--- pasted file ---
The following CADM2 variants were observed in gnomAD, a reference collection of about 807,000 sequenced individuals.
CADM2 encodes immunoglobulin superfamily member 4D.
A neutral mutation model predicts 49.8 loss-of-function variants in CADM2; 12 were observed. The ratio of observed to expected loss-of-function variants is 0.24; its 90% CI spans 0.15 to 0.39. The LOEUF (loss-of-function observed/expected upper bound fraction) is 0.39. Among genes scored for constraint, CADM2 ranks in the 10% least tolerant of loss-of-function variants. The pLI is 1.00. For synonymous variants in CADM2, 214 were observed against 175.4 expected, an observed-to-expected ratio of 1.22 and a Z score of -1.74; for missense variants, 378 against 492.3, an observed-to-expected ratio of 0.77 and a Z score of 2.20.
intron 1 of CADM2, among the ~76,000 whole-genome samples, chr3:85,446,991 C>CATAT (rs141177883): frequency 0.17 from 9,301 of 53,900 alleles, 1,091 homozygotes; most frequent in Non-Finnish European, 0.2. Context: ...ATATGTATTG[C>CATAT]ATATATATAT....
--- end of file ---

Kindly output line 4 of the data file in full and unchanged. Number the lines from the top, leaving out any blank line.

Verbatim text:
intron 1 of CADM2, among the ~76,000 whole-genome samples, chr3:85,446,991 C>CATAT (rs141177883): frequency 0.17 from 9,301 of 53,900 alleles, 1,091 homozygotes; most frequent in Non-Finnish European, 0.2. Context: ...ATATGTATTG[C>CATAT]ATATATATAT....